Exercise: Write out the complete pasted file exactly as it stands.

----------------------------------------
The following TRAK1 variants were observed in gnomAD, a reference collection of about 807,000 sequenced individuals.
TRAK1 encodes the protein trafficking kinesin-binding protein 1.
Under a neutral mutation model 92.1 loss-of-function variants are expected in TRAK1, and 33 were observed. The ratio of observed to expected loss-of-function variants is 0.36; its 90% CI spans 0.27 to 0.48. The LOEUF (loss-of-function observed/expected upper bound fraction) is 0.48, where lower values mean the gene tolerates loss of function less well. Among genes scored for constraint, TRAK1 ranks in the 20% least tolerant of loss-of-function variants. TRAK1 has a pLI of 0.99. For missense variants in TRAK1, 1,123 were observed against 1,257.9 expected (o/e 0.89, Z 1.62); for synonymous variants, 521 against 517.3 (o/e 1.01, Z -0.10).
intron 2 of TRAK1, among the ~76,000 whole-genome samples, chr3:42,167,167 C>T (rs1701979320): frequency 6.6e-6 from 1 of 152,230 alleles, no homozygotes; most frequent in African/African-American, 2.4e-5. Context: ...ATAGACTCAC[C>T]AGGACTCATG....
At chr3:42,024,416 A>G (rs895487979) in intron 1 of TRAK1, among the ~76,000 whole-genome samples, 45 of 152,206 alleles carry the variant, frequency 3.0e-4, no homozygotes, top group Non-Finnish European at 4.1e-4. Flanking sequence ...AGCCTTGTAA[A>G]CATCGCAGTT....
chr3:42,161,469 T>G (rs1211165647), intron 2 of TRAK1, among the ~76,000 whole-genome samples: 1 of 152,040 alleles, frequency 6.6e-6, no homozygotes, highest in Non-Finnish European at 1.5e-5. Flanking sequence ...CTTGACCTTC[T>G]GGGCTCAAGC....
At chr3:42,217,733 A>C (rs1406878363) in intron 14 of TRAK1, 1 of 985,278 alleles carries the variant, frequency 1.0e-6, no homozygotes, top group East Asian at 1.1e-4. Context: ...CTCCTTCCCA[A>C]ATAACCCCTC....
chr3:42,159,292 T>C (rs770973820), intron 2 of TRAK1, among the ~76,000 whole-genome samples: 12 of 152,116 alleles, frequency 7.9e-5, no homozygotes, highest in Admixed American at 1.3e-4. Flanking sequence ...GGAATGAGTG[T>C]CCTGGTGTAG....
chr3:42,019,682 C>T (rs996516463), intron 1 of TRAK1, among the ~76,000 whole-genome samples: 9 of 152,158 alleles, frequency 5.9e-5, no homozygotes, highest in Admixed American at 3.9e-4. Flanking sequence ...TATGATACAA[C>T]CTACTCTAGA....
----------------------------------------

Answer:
The following TRAK1 variants were observed in gnomAD, a reference collection of about 807,000 sequenced individuals.
TRAK1 encodes the protein trafficking kinesin-binding protein 1.
Under a neutral mutation model 92.1 loss-of-function variants are expected in TRAK1, and 33 were observed. The ratio of observed to expected loss-of-function variants is 0.36; its 90% CI spans 0.27 to 0.48. The LOEUF (loss-of-function observed/expected upper bound fraction) is 0.48, where lower values mean the gene tolerates loss of function less well. Among genes scored for constraint, TRAK1 ranks in the 20% least tolerant of loss-of-function variants. TRAK1 has a pLI of 0.99. For missense variants in TRAK1, 1,123 were observed against 1,257.9 expected (o/e 0.89, Z 1.62); for synonymous variants, 521 against 517.3 (o/e 1.01, Z -0.10).
intron 2 of TRAK1, among the ~76,000 whole-genome samples, chr3:42,167,167 C>T (rs1701979320): frequency 6.6e-6 from 1 of 152,230 alleles, no homozygotes; most frequent in African/African-American, 2.4e-5. Context: ...ATAGACTCAC[C>T]AGGACTCATG....
At chr3:42,024,416 A>G (rs895487979) in intron 1 of TRAK1, among the ~76,000 whole-genome samples, 45 of 152,206 alleles carry the variant, frequency 3.0e-4, no homozygotes, top group Non-Finnish European at 4.1e-4. Flanking sequence ...AGCCTTGTAA[A>G]CATCGCAGTT....
chr3:42,161,469 T>G (rs1211165647), intron 2 of TRAK1, among the ~76,000 whole-genome samples: 1 of 152,040 alleles, frequency 6.6e-6, no homozygotes, highest in Non-Finnish European at 1.5e-5. Flanking sequence ...CTTGACCTTC[T>G]GGGCTCAAGC....
At chr3:42,217,733 A>C (rs1406878363) in intron 14 of TRAK1, 1 of 985,278 alleles carries the variant, frequency 1.0e-6, no homozygotes, top group East Asian at 1.1e-4. Context: ...CTCCTTCCCA[A>C]ATAACCCCTC....
chr3:42,159,292 T>C (rs770973820), intron 2 of TRAK1, among the ~76,000 whole-genome samples: 12 of 152,116 alleles, frequency 7.9e-5, no homozygotes, highest in Admixed American at 1.3e-4. Flanking sequence ...GGAATGAGTG[T>C]CCTGGTGTAG....
chr3:42,019,682 C>T (rs996516463), intron 1 of TRAK1, among the ~76,000 whole-genome samples: 9 of 152,158 alleles, frequency 5.9e-5, no homozygotes, highest in Admixed American at 3.9e-4. Flanking sequence ...TATGATACAA[C>T]CTACTCTAGA....